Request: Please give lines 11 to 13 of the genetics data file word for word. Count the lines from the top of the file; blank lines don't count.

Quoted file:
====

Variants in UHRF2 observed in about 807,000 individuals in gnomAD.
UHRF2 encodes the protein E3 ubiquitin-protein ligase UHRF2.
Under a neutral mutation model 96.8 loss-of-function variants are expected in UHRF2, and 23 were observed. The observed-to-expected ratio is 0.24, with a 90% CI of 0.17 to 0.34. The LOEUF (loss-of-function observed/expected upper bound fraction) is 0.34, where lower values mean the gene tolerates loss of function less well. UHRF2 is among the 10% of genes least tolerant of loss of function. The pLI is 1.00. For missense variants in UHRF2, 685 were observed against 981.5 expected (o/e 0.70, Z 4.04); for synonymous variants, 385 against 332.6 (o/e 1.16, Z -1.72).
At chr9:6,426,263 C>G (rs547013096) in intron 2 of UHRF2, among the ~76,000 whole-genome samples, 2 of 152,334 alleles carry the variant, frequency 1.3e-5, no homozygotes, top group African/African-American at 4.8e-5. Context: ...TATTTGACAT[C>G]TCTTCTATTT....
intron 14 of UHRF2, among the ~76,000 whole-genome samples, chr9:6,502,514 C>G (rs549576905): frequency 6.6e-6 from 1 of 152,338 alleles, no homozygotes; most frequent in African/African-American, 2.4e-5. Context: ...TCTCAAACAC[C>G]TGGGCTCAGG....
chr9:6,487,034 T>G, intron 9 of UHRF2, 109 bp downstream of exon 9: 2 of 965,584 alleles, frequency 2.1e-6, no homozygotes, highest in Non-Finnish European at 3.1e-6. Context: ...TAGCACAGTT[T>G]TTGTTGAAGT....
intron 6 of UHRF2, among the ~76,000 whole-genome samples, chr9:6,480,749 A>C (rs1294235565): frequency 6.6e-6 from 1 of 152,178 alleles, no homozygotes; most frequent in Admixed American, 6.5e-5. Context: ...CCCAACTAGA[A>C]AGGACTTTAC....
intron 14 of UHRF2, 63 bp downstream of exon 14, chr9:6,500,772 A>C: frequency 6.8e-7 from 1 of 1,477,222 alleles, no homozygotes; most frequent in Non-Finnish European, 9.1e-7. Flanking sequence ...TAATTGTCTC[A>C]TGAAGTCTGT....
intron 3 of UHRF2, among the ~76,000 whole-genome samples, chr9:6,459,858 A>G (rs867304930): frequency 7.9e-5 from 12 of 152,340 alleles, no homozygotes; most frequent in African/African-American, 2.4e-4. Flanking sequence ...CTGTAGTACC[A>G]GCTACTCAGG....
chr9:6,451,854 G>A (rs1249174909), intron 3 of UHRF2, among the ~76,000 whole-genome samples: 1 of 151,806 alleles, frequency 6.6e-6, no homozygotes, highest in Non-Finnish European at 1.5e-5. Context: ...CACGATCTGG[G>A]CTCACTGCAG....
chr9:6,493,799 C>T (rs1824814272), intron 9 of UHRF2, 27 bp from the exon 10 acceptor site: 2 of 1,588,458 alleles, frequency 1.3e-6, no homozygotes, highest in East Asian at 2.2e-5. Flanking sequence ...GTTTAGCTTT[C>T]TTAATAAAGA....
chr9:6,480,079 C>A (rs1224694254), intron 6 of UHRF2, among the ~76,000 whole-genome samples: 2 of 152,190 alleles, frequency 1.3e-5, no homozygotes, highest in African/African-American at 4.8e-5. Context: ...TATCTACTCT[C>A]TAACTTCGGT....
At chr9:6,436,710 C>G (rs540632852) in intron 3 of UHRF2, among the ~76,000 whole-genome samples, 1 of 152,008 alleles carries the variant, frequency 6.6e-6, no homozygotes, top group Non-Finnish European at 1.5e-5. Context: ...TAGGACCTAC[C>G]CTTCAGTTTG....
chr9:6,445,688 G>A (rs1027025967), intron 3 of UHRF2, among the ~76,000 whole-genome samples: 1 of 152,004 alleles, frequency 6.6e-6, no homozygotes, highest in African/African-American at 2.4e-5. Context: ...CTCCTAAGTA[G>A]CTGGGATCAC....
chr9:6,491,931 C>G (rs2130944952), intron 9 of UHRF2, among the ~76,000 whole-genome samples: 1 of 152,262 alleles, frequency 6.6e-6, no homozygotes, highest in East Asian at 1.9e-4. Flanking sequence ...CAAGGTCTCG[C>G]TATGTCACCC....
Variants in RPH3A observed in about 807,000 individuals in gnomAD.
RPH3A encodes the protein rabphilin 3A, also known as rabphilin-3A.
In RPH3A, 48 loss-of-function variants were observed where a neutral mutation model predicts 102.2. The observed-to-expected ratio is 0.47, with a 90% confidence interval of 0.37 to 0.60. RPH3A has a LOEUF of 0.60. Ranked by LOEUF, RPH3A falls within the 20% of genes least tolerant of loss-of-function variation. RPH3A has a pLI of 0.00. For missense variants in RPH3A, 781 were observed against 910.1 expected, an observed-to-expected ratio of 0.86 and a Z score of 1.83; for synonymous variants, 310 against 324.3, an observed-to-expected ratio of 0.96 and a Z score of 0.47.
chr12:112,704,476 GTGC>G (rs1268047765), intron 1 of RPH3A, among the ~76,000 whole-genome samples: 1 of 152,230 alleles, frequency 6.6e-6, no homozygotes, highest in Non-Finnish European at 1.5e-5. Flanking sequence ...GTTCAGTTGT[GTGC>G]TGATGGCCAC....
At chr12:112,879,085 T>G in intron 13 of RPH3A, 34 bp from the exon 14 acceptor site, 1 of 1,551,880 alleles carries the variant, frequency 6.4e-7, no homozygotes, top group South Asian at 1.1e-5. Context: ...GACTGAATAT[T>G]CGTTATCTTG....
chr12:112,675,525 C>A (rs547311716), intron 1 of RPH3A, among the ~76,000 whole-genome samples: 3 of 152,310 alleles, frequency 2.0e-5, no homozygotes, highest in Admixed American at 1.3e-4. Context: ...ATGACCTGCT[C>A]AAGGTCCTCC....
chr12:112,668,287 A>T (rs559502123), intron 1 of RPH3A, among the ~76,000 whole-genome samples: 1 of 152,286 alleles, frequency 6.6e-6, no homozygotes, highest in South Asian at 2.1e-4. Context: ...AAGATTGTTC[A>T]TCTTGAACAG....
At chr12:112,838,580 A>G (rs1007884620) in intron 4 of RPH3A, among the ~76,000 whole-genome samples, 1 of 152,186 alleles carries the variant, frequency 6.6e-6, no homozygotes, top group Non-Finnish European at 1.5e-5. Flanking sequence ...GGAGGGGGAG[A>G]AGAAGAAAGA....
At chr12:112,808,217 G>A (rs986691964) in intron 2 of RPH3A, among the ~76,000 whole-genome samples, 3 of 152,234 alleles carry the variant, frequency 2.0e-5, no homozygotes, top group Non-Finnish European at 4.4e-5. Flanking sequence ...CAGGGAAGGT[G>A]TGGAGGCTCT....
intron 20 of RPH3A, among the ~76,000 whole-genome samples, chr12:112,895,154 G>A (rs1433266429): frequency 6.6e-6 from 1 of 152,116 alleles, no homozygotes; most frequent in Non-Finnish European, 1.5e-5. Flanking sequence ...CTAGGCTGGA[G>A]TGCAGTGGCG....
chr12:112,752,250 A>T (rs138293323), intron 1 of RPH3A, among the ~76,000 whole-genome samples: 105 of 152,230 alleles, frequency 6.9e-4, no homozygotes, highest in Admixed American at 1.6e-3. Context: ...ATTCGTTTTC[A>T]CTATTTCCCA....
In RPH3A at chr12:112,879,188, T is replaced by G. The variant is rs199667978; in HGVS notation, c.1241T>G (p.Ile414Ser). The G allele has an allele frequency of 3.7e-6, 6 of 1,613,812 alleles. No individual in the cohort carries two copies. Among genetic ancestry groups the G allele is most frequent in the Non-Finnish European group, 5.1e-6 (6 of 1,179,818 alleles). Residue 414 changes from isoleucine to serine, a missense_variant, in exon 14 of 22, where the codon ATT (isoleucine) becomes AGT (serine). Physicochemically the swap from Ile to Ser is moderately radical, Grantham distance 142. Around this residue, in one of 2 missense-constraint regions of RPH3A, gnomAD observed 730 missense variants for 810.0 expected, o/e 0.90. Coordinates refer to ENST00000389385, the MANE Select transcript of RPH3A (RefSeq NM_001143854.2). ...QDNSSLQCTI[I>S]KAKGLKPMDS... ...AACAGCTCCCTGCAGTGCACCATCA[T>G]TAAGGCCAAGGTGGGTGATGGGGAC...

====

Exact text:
chr9:6,493,799 C>T (rs1824814272), intron 9 of UHRF2, 27 bp from the exon 10 acceptor site: 2 of 1,588,458 alleles, frequency 1.3e-6, no homozygotes, highest in East Asian at 2.2e-5. Flanking sequence ...GTTTAGCTTT[C>T]TTAATAAAGA....
chr9:6,480,079 C>A (rs1224694254), intron 6 of UHRF2, among the ~76,000 whole-genome samples: 2 of 152,190 alleles, frequency 1.3e-5, no homozygotes, highest in African/African-American at 4.8e-5. Context: ...TATCTACTCT[C>A]TAACTTCGGT....
At chr9:6,436,710 C>G (rs540632852) in intron 3 of UHRF2, among the ~76,000 whole-genome samples, 1 of 152,008 alleles carries the variant, frequency 6.6e-6, no homozygotes, top group Non-Finnish European at 1.5e-5. Context: ...TAGGACCTAC[C>G]CTTCAGTTTG....